Getting Back Into Me Time
It’s Thursday! So let’s not talk about the baby. Let’s talk about me. And writing. And how I’ve finally found my way back to it after eight months of stagnancy.
I wrote about #continuouspractice once before, but did I really appreciate it at the time? No. Of course I didn’t. (Insert grumble grumble grumble so much time before baby grumble grumble.) (Seriously, though. What did I even do with my time before I had a child?)
The truth of it is, I have about five baby-free hours a day. Two hours of napping (on a good day), and three hours between Ambrose’s bedtime and my own bedtime. Only recently has this schedule become somewhat of a reliable thing. During those five baby-free hours, I have about sixteen hours’ worth of things do get done. Exercise, house cleaning, balancing the finances, reading, fun projects…you get the idea. Some of it I leave for when the baby is awake, because there’s no use wasting precious baby-free time doing something silly like folding laundry. Some of it I just don’t do. (Someone want to come and clean my shower for me? Thanks.)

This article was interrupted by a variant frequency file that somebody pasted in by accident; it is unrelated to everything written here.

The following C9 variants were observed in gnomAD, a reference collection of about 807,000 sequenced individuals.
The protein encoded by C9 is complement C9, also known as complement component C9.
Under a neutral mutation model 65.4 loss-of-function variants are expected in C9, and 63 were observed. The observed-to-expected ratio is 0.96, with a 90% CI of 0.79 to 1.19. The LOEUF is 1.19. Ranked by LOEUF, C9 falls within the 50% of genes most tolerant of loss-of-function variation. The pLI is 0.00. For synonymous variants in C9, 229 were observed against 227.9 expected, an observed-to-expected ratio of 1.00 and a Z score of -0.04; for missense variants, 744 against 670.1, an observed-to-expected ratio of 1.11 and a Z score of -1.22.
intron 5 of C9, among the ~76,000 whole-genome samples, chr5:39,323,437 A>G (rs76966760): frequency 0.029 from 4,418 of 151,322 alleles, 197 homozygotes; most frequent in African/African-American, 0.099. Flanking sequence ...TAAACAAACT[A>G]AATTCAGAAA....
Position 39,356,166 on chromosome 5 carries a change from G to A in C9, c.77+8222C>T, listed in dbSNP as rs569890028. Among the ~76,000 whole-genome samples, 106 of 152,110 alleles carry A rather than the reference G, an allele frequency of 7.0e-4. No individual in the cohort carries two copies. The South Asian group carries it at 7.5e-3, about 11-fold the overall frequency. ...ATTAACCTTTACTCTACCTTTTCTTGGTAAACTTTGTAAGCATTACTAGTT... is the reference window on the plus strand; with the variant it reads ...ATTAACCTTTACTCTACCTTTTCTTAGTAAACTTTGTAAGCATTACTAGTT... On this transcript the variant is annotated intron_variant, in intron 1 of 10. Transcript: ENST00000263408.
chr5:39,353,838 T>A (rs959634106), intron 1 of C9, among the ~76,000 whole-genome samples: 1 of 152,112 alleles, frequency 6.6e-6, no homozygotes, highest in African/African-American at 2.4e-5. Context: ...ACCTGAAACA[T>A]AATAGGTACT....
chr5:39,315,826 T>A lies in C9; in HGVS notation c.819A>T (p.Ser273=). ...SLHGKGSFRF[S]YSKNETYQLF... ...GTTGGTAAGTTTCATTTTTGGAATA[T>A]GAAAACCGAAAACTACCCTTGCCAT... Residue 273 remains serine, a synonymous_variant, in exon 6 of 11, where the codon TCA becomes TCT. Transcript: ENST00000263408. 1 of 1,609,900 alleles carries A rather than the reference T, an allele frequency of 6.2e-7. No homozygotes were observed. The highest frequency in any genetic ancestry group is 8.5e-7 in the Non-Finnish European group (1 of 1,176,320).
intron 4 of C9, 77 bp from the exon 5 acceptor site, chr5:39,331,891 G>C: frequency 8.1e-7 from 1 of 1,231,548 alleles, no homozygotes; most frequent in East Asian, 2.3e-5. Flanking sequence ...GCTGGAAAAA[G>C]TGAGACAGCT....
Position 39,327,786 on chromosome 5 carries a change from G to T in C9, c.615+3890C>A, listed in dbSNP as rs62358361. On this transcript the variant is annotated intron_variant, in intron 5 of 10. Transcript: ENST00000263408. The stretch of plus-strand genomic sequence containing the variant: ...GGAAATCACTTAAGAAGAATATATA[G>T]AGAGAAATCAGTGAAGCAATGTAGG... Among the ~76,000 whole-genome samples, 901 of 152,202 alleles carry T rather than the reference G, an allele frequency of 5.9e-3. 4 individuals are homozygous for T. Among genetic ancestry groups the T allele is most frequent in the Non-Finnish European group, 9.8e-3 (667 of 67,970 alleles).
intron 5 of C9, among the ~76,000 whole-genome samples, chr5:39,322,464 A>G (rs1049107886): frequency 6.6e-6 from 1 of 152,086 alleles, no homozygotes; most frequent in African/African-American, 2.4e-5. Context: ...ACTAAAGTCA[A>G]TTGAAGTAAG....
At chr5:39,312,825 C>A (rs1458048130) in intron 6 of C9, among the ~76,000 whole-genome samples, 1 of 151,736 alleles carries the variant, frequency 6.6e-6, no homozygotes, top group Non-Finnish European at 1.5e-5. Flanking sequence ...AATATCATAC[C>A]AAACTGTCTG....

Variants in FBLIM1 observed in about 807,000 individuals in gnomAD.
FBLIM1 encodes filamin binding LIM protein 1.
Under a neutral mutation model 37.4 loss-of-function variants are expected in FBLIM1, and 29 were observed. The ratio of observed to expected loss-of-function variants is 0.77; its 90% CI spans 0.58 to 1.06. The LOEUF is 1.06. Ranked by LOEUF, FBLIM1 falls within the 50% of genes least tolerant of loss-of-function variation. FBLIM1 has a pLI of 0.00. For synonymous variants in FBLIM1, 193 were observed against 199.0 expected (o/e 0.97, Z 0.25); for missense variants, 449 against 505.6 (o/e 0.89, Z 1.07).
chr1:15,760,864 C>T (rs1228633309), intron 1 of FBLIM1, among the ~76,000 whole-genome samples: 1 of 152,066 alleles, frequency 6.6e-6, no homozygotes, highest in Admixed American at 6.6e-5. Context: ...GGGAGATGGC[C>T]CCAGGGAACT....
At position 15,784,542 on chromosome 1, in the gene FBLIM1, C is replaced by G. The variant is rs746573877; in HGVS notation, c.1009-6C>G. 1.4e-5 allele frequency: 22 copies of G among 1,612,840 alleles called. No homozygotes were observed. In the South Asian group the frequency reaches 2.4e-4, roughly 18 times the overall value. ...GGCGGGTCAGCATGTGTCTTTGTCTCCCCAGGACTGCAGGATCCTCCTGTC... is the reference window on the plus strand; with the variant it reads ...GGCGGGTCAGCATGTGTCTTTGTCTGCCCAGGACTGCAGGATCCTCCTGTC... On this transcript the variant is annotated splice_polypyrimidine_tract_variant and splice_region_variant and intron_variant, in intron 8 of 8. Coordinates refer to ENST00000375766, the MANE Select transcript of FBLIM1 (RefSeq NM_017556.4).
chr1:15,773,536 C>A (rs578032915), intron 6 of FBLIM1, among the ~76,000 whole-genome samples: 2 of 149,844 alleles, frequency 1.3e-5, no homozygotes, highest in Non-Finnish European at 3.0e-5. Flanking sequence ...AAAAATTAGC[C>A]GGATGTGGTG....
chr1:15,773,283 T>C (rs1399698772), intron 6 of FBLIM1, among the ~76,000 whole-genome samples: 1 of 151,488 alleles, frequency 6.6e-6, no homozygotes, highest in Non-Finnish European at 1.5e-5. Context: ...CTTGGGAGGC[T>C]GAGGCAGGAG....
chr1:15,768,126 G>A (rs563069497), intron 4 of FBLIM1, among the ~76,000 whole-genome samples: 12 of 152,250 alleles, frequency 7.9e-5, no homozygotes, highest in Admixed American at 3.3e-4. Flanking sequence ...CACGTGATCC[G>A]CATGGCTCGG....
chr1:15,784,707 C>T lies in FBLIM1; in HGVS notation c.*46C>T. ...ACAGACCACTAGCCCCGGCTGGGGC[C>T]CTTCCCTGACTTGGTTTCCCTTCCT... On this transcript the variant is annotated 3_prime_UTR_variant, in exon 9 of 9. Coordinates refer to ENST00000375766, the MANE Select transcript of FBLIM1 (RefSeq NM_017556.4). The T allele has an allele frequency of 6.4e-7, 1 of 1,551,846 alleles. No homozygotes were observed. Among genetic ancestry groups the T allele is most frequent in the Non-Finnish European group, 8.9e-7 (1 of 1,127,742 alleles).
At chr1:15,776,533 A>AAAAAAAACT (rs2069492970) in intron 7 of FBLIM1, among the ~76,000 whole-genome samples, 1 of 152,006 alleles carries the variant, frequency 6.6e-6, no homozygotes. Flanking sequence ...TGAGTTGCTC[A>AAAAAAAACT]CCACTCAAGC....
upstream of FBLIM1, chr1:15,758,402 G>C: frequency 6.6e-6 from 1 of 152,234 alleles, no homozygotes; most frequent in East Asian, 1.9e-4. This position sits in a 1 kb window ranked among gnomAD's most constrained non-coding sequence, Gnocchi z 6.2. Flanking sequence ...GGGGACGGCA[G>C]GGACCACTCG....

All this is to say: the stuff that I really want to get done, I have to prioritize. Last month, I decided to prioritize my writing with Continuous Practice. And guys? It worked better than I ever expected. I’m excited about my writing again. It’s fantastic. I feel like I have a part of myself back after a long time away. The only problem is, now I can’t get enough writing goodness! I’m listening to two years’ worth of the Story Grid podcast, trying to read the book by the same name, and writing my way back into Basically Yours, my YA Pride and Prejudice-meets-PSL’s. I’m also planning a literary fiction pastiche that I might whip through for NaNoWriMo, or might not, depending on how I’m feeling on November 1. And of course, I got this blog back up and running.
And with that, the baby is awake. So! Suffice it to say: if you’re lost and alone, and you’re sinking like a stone, carry on…with Continuous Practice. It doesn’t matter what your thing is — knitting, baking, woodworking, crossword puzzles, decorative shrinky-dinks. Whatever makes you feel human and not like a Mom-opotamus, take time to do it every day for thirty days. I promise you, it will make a huge difference.
And that’s about all I have time for! But if you’re of the commenting ilk, please, let me know: do you have any tried-and-true strategies for escaping a slump?